Israel has approved a budget of some 5 billion shekels ($ 1.5 billion) to be used to prepare the military for a possible strike against Iran’s nuclear program, Channel 12 reported on Monday.
The NIS 5 billion budget consists of NIS 3 billion from the previous budget and an additional NIS 2 billion from the next budget which is to be approved by the government in November,
It includes funds for various types of aircraft, intelligence-gathering drones and unique weaponry needed for such an attack, which is expected to target heavily fortified underground sites, according to the unsourced report.
The report comes days after the US Air Force announced it had successfully tested its new “bunker buster,” the GBU-72 Advanced 5K Penetrator. The 5,000 pound bomb could be used as a tool to strike Iranian nuclear sites.
Importantly, the GBU-72 is designed to be carried by a fighter jet or heavy bomber. Israel does not have bombers capable of transporting the enormous bunker breakers in the current American arsenal.
A smaller bunker bomb, the GBU-28, was secretly sold to Israel in 2009, although it is not believed to have the capacity to penetrate Iran’s deep-buried Fordo nuclear facility. under a mountain.
The series, planned by the 780th Test Squadron and carried out by the 40th Flight Test Squadron, began on July 23 and marked the first time the 2.5-ton bomb had been loaded, flown, and dropped. https://t.co/16ylG30aRz
– Stars and stripes (@starsandstripes) October 14, 2021
The US test was based on Israel’s experience bombing Hamas’s underground tunnel network in Gaza during the war last May, Channel 12 said.
The network speculated that by publicizing its 35,000-foot bunker drop at Eglin Air Force Base in Florida, the United States was seeking to warn Iran not to stay away from the negotiations. in Vienna aimed at reviving the nuclear deal, known as the Joint Comprehensive Plan of Action.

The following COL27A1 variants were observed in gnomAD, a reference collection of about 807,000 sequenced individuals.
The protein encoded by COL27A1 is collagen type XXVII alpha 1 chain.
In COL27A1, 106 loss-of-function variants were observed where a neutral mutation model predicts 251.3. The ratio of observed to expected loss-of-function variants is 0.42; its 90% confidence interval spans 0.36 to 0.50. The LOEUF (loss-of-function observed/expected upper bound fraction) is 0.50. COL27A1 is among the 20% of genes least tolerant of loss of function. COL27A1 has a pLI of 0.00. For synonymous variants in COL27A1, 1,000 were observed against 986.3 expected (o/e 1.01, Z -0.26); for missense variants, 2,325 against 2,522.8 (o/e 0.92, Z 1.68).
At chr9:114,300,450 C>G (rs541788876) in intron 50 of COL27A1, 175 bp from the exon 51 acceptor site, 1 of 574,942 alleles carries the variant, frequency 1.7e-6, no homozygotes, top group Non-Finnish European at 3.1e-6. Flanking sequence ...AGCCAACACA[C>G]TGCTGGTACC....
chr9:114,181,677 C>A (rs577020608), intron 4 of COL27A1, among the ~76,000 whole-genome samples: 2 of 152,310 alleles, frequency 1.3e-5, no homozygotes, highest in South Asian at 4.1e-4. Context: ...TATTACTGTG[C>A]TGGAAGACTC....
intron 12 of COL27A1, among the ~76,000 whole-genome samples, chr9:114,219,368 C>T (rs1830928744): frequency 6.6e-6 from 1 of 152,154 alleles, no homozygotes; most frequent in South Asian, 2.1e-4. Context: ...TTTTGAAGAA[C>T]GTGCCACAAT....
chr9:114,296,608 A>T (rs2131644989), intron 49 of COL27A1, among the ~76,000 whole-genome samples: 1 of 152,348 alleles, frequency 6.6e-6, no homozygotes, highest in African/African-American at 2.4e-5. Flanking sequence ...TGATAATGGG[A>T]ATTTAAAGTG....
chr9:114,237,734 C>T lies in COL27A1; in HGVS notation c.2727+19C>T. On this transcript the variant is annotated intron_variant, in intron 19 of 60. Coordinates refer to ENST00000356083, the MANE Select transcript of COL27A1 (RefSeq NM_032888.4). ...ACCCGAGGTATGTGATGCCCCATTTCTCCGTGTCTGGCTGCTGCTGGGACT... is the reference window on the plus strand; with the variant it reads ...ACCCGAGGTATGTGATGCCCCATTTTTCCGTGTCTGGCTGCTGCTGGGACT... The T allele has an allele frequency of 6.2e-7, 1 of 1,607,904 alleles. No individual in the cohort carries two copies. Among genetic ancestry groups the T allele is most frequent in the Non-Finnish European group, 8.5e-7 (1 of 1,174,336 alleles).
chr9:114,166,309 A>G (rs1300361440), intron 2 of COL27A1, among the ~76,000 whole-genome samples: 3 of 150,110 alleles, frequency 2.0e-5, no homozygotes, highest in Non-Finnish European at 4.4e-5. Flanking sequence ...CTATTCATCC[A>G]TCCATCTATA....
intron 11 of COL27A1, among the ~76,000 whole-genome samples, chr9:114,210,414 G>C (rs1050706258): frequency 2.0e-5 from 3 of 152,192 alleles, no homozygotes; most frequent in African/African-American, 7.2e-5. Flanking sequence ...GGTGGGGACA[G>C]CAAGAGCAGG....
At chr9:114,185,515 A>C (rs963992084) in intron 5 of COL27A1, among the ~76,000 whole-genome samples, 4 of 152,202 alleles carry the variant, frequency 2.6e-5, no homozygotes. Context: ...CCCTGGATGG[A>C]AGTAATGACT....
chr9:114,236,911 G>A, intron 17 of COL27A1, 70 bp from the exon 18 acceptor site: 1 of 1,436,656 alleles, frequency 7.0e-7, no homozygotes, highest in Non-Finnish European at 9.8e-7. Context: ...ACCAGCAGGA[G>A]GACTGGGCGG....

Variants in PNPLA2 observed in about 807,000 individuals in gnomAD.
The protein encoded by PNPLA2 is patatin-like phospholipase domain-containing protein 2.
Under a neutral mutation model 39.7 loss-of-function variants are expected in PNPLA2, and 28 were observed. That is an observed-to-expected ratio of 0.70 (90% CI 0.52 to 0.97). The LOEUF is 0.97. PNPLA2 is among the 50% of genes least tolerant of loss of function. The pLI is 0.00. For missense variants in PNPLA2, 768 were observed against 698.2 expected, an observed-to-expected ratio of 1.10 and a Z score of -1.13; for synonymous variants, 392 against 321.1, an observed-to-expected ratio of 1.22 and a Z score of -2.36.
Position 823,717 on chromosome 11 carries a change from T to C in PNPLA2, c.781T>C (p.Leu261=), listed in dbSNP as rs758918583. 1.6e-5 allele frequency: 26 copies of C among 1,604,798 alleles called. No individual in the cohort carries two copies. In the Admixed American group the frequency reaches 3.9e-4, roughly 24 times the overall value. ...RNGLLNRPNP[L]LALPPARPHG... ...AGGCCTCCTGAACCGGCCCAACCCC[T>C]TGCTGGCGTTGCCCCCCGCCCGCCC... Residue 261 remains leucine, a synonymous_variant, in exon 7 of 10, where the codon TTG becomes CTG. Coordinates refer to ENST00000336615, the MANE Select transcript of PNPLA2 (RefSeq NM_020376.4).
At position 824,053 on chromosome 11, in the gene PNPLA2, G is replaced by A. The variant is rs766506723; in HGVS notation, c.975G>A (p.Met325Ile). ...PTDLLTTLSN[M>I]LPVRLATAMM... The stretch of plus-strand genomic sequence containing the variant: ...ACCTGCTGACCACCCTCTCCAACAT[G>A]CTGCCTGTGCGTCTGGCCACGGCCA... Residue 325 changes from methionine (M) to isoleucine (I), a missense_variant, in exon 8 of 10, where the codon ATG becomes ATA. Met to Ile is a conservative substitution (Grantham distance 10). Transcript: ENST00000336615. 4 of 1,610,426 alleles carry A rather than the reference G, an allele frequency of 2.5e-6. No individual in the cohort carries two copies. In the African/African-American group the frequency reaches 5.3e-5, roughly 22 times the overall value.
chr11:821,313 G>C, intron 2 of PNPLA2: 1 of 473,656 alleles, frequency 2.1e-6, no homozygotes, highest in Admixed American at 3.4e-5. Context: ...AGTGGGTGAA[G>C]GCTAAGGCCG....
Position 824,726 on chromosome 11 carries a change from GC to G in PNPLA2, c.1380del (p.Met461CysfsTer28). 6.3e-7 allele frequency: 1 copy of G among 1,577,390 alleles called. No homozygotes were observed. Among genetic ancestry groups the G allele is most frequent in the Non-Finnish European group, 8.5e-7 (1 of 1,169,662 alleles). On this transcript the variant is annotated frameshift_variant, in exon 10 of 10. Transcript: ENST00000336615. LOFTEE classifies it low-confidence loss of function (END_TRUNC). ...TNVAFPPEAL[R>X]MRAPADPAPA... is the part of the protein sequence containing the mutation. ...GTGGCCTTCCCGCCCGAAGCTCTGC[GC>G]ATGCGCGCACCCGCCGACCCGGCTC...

Iran withdrew from indirect talks with the United States last June and elected President Ebrahim Raisi, a supporter of the ultra-conservative hardline, who spoke out against the JCPOA, in the meantime.
Last month, IDF Chief of Staff Aviv Kohavi told the Walla news site that Israel had “dramatically accelerated” preparations for action against Iran’s nuclear program.
Kohavi said that “a significant part of the increase in the defense budget, as recently agreed, was intended for this purpose. It’s very complicated work, with a lot more intelligence, a lot more operational capabilities, a lot more armaments. We are working on all of these things.
Kohavi had said publicly in January that the IDF was preparing new “operational plans” for a powerful military strike, and in August that Iran’s nuclear progress had prompted the IDF to “speed up its operational plans,” with a new budget to do so. .
In his address to the United Nations General Assembly last month, Prime Minister Naftali Bennett said that “Iran’s nuclear program has reached a turning point, as has our tolerance. Words do not stop the centrifuges from spinning… We will not allow Iran to acquire a nuclear weapon.
The Biden administration says it is still seeking a joint US-Iran return to respect for the JCPOA, while acknowledging that it will not wait indefinitely for Tehran to return to the negotiating table.
If he doesn’t, US Secretary of State Antony Blinken told his Israeli counterpart Yair Lapid that “all options” would be on the table – a slight increase in rhetoric after US President Joe Biden said to Bennett in August that Washington was prepared to consider “other options” if the JCPOA cannot be revived.